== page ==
You’ll notice that some portions of the leek green leaves are shaped like a V, or make a little tent when placed face-down. They’ll still dry even if they aren’t laying totally flat. However, I found the extra-tall pieces made sliding my dehydrator trays on top of eachother tricky. Therefore, I ripped or cut those ones lengthwise at their natural bend to make two smaller flat pieces. 

To prepare a leek bulb to dehydrate, cut it into thin slices (no more than 1/4″ thick). The thinner you go, the quicker they will dry. Furthermore, the more consistent the cuts, the more evenly they’ll finish drying together.

As you go, lay out the leek pieces on your food dehydrator trays (or onto baking sheets). You can pack a large amount on each tray! The pieces can touch side to side, but make sure they aren’t piled on top of each other. We need some space for good air flow between them.

Six stainless steel dehydrator trays are laid out in a two by three rectangle. Each tray is covered in leek greens that have been cut into smaller squares or rectangles. They are spread out in a way to where they are touching edge to edge in some places but are not overlapping. The colors of the leek greens range from light green to yellow to dark green.

3) Dehydrate the Leeks

Drying Leeks in a Dehydrator:

Load up your food dehydrator with the trays full of leeks, and turn that puppy on! The temperature you use is up to you. We usually dry our leeks on about 120°F, or halfway between the “herbs” and “vegetables” settings. You could go even lower to preserve the maximum nutritional value, though it will take longer. Or, crank up the temperature for a faster drying time. 

In the market for a dehydrator? We can’t say enough wonderful things about our Excalibur dehydrators – we now have two! They’re made in the USA, super efficient, quiet, BPA-free, and also have stainless steel options, timers, and more. However, we got by preserving food with a more basic Nesco machine for many years prior.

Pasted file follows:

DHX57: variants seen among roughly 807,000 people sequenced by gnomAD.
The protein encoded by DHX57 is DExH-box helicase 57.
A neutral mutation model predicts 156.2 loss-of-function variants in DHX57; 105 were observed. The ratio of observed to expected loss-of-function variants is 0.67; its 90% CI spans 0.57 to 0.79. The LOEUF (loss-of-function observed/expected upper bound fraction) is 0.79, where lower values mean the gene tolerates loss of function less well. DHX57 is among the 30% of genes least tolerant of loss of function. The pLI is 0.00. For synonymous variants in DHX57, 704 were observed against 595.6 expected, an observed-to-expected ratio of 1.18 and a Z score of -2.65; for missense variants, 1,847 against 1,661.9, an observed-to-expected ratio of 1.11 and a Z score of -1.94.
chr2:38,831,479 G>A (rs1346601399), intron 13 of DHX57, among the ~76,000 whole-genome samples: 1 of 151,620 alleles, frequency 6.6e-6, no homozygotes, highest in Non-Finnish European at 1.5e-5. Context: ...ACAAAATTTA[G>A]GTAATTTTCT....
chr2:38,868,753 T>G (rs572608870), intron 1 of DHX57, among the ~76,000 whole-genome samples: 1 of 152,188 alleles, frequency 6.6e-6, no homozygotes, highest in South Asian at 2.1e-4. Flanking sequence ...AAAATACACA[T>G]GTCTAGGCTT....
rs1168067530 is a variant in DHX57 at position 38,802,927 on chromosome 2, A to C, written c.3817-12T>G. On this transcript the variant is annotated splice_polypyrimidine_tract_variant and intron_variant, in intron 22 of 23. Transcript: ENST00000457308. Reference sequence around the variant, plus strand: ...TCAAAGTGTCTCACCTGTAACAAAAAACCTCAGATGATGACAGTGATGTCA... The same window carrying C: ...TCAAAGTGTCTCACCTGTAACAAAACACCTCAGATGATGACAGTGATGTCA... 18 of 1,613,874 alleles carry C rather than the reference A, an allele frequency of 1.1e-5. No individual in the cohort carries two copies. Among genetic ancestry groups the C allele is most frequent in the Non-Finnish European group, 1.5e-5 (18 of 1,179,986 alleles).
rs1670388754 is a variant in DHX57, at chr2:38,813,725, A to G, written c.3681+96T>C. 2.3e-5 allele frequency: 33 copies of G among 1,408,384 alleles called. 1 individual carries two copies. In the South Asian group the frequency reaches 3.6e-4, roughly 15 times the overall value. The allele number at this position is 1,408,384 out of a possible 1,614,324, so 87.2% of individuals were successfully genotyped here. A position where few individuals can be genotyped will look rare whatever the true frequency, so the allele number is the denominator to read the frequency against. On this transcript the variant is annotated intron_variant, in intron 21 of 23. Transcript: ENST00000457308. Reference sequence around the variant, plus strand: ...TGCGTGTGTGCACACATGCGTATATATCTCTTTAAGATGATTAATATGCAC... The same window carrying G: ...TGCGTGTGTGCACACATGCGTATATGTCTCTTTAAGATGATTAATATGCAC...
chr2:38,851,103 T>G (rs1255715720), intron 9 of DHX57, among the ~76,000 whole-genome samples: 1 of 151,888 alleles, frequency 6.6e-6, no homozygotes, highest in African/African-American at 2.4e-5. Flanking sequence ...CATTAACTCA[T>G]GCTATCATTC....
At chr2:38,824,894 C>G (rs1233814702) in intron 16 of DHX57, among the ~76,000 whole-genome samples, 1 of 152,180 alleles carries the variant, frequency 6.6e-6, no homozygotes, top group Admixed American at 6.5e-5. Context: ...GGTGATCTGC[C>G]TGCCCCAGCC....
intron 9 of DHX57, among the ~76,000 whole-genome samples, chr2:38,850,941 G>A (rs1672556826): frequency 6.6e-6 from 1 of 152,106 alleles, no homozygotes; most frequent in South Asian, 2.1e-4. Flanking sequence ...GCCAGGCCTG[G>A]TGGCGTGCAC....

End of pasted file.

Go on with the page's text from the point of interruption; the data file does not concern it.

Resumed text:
Drying Leeks in the Oven:

When drying leeks in the oven, choose the lowest temperature setting possible in order to avoid charring them. Spread out the prepared leeks in a thin layer on a baking pan covered with parchment paper and bake for several hours. Check them every so often, and stir or rotate to promote even drying if needed. 

Time & Texture:

The time it takes to fully dry will vary. It depends on your individual dehydrator or oven, the thickness of the leeks, and the temperature you use. In an oven or very efficient dehydrator, it may take just a few hours. On the other hand, they may slowly dry over a couple of days. 

The final texture is more important than an exact time! The leeks are done when they’re 100% dry. They will shrink significantly and should easily crumble in your hand. Or when bent, they should snap and crack crisply in half. If they’re still bendy or soft instead of crunchy, keep on drying. If too much moisture is left, your leek powder will clump up (or potentially spoil) later in the storage container!   

The front of an Excalibur dehydrator is shown without its lid on. It is a nine tray dehydrator and they are all inside and full of leek greens. The different shapes and colors of the leek green pieces are visible on the trays within.
DeannaCat is holding a few dried leek greens before they are turned into powder. They have slightly withered in size and are less vibrant in color as compared to fresh. Dried leek greens lie below on a stainless steel dehydrator tray. The colors of the greens range from yellow to a few shades of green. These will be blended into leek powder.
Crispy, crumbly, thoroughly dried, and ready to grind

5) Turn Dried Leeks into Powder

Next, it is time to grind your crispy dry leek green bits into powder. This can be done in a blender, food processor, or coffee grinder. In a Vitamix, we are able to create a super fine, fluffy leek powder – though you could choose to leave it more flaky as well! Pulse and grind the leek powder until it reaches your desired consistency. By this point, the aroma should be making you quite excited about things to come.

A birds eye view of the inside of a pint mason jar containing leek powder. It is a fine pillowy powder whose color resembles that of powdered green tea.

6) Store

Finally, transfer your finished dried leek powder into an airtight storage container. We typically use mason jars, either half-pint or pint-sized, depending on how much we make. Repurposing used spice containers would work well too, though not all of them are totally air tight. In humid climates, the wrong container can make your leek powder get clumpy much faster.